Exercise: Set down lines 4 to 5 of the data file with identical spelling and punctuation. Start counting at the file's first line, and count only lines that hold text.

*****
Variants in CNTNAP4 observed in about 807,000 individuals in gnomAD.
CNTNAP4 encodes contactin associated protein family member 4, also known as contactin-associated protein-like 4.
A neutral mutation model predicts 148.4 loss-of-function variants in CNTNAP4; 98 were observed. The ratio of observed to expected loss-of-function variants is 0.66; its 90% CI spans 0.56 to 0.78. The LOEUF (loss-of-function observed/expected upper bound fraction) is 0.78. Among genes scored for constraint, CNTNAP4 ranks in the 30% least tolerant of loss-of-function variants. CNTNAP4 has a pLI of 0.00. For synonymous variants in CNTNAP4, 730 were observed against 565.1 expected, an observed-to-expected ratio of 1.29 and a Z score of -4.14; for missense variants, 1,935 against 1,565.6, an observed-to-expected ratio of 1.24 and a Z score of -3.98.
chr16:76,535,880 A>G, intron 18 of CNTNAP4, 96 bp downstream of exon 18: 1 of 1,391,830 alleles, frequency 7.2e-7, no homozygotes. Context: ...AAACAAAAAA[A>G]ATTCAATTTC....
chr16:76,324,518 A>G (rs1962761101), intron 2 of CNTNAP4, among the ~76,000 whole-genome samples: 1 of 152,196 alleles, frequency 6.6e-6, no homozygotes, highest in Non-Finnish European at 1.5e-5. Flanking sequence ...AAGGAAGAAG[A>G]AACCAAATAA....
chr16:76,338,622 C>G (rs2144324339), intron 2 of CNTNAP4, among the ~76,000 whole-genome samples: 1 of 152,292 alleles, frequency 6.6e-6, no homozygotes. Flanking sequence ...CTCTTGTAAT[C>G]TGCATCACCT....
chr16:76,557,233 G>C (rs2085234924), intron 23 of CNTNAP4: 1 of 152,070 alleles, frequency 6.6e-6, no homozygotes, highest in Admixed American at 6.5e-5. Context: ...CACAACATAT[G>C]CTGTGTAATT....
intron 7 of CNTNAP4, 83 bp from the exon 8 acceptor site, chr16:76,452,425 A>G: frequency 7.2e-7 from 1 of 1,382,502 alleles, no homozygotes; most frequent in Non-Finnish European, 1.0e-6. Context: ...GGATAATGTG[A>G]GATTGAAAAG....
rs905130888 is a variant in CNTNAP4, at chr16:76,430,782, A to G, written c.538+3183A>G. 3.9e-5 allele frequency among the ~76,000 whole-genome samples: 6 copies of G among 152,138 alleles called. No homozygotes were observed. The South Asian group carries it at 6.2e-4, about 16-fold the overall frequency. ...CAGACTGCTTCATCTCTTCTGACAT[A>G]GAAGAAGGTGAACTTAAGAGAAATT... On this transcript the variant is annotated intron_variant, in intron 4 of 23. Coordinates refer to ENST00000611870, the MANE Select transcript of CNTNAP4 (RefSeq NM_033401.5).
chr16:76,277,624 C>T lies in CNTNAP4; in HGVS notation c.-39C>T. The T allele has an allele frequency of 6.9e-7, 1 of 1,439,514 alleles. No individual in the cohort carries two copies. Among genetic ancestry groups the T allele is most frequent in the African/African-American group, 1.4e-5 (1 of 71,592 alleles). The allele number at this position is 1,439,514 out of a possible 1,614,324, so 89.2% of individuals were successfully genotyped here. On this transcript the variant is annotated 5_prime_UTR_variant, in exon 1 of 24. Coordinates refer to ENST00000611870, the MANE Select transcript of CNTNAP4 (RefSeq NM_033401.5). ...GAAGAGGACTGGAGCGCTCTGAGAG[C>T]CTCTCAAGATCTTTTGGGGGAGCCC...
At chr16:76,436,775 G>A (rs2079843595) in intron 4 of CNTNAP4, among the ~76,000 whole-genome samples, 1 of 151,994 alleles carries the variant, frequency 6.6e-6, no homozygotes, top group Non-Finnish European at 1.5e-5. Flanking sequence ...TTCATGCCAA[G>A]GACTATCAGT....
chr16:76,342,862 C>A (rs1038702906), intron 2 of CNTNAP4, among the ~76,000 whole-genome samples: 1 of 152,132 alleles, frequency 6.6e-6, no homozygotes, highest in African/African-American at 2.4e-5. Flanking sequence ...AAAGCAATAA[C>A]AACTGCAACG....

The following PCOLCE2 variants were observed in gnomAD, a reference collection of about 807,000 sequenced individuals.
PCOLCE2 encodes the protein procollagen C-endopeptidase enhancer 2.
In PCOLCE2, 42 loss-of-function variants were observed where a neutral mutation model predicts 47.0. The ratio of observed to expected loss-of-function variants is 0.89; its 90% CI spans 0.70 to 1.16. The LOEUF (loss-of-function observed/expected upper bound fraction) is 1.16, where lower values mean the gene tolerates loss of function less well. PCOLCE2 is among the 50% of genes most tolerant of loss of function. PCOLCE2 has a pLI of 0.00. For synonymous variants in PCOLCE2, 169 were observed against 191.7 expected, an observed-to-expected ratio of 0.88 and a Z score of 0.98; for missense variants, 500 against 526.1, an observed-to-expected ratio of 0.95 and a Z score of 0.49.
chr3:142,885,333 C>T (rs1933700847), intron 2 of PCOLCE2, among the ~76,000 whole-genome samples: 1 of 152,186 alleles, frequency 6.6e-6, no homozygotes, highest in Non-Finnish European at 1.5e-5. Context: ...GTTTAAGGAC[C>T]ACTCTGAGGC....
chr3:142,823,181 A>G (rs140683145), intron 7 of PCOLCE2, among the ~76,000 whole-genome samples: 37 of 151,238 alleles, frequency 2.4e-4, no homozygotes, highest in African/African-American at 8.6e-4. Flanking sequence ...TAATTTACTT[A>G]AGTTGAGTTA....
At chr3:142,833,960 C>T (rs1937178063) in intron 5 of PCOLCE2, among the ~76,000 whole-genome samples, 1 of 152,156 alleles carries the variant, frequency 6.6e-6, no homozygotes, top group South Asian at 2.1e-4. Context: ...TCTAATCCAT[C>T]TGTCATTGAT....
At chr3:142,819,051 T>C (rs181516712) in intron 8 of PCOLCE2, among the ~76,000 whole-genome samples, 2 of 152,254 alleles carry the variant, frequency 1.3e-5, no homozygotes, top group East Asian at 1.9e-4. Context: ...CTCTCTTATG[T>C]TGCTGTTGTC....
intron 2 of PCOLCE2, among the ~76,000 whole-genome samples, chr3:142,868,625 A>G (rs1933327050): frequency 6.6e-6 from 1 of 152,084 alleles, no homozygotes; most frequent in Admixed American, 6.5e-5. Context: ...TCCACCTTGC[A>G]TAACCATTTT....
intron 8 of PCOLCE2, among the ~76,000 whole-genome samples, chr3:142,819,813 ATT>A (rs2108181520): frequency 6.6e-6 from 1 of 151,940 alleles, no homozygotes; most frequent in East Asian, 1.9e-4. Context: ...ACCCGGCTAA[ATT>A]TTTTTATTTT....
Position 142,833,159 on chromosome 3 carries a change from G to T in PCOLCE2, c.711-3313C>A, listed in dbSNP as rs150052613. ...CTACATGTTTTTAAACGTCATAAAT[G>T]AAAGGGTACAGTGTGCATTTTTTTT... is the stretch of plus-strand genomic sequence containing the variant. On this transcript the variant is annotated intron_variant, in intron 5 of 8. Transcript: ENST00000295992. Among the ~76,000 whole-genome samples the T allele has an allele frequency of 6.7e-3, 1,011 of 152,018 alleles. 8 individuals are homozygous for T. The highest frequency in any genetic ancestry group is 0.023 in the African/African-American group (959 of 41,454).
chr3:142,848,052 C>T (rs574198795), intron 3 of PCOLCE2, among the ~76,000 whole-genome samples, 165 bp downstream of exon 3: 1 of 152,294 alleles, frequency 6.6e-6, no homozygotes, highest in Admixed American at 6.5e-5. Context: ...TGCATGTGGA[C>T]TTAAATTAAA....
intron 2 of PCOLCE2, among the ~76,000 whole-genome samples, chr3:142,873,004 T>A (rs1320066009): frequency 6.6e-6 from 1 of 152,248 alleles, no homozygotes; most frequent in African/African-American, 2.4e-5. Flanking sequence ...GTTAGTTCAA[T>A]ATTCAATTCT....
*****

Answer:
chr16:76,535,880 A>G, intron 18 of CNTNAP4, 96 bp downstream of exon 18: 1 of 1,391,830 alleles, frequency 7.2e-7, no homozygotes. Context: ...AAACAAAAAA[A>G]ATTCAATTTC....
chr16:76,324,518 A>G (rs1962761101), intron 2 of CNTNAP4, among the ~76,000 whole-genome samples: 1 of 152,196 alleles, frequency 6.6e-6, no homozygotes, highest in Non-Finnish European at 1.5e-5. Flanking sequence ...AAGGAAGAAG[A>G]AACCAAATAA....